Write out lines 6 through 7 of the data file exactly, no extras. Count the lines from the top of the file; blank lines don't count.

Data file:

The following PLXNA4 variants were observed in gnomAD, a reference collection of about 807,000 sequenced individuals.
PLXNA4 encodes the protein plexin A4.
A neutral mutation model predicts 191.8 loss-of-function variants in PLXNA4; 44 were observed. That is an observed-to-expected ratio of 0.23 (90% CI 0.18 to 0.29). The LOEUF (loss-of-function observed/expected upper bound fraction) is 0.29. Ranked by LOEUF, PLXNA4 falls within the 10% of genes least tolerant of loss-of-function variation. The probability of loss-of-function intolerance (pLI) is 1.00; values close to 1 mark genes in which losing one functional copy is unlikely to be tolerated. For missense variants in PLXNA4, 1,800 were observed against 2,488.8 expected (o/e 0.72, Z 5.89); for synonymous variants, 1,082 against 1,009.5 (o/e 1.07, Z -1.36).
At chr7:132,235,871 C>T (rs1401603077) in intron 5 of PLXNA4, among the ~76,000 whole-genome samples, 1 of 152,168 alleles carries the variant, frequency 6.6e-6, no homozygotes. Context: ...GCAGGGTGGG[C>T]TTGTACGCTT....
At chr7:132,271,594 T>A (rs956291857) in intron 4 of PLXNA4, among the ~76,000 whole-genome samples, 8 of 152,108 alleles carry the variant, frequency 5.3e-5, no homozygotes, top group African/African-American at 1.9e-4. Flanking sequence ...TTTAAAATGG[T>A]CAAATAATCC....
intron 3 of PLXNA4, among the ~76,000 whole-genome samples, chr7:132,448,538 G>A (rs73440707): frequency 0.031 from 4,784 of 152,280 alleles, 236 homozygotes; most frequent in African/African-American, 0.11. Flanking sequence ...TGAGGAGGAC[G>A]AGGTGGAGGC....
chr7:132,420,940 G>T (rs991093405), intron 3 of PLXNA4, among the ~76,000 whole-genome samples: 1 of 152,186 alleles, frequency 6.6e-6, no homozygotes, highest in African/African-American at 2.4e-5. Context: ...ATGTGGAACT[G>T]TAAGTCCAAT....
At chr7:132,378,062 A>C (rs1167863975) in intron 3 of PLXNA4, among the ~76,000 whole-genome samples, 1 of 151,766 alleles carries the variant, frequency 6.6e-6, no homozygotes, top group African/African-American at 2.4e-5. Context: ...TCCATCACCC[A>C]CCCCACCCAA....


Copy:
intron 3 of PLXNA4, among the ~76,000 whole-genome samples, chr7:132,448,538 G>A (rs73440707): frequency 0.031 from 4,784 of 152,280 alleles, 236 homozygotes; most frequent in African/African-American, 0.11. Flanking sequence ...TGAGGAGGAC[G>A]AGGTGGAGGC....
chr7:132,420,940 G>T (rs991093405), intron 3 of PLXNA4, among the ~76,000 whole-genome samples: 1 of 152,186 alleles, frequency 6.6e-6, no homozygotes, highest in African/African-American at 2.4e-5. Context: ...ATGTGGAACT[G>T]TAAGTCCAAT....